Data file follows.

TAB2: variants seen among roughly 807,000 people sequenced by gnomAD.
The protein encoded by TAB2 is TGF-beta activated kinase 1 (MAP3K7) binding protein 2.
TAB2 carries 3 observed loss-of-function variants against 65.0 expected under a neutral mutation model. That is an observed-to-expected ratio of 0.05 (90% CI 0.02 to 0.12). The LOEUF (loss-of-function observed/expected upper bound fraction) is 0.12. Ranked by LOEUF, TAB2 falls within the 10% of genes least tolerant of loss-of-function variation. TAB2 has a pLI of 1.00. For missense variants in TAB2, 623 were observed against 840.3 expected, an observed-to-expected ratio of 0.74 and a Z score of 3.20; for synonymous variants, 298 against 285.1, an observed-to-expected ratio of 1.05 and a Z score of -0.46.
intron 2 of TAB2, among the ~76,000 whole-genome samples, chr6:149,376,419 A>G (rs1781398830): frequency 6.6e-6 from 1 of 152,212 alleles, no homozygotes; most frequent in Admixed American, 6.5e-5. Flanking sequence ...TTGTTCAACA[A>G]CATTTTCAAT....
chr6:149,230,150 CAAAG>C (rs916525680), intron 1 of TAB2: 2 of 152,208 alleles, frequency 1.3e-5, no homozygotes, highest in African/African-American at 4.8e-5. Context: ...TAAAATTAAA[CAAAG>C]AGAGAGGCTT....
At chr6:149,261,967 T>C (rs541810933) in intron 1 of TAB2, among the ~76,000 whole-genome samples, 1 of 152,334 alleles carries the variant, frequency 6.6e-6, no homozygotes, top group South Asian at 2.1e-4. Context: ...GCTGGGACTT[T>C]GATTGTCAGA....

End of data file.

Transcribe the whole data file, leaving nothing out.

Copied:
TAB2: variants seen among roughly 807,000 people sequenced by gnomAD.
The protein encoded by TAB2 is TGF-beta activated kinase 1 (MAP3K7) binding protein 2.
TAB2 carries 3 observed loss-of-function variants against 65.0 expected under a neutral mutation model. That is an observed-to-expected ratio of 0.05 (90% CI 0.02 to 0.12). The LOEUF (loss-of-function observed/expected upper bound fraction) is 0.12. Ranked by LOEUF, TAB2 falls within the 10% of genes least tolerant of loss-of-function variation. TAB2 has a pLI of 1.00. For missense variants in TAB2, 623 were observed against 840.3 expected, an observed-to-expected ratio of 0.74 and a Z score of 3.20; for synonymous variants, 298 against 285.1, an observed-to-expected ratio of 1.05 and a Z score of -0.46.
intron 2 of TAB2, among the ~76,000 whole-genome samples, chr6:149,376,419 A>G (rs1781398830): frequency 6.6e-6 from 1 of 152,212 alleles, no homozygotes; most frequent in Admixed American, 6.5e-5. Flanking sequence ...TTGTTCAACA[A>G]CATTTTCAAT....
chr6:149,230,150 CAAAG>C (rs916525680), intron 1 of TAB2: 2 of 152,208 alleles, frequency 1.3e-5, no homozygotes, highest in African/African-American at 4.8e-5. Context: ...TAAAATTAAA[CAAAG>C]AGAGAGGCTT....
At chr6:149,261,967 T>C (rs541810933) in intron 1 of TAB2, among the ~76,000 whole-genome samples, 1 of 152,334 alleles carries the variant, frequency 6.6e-6, no homozygotes, top group South Asian at 2.1e-4. Context: ...GCTGGGACTT[T>C]GATTGTCAGA....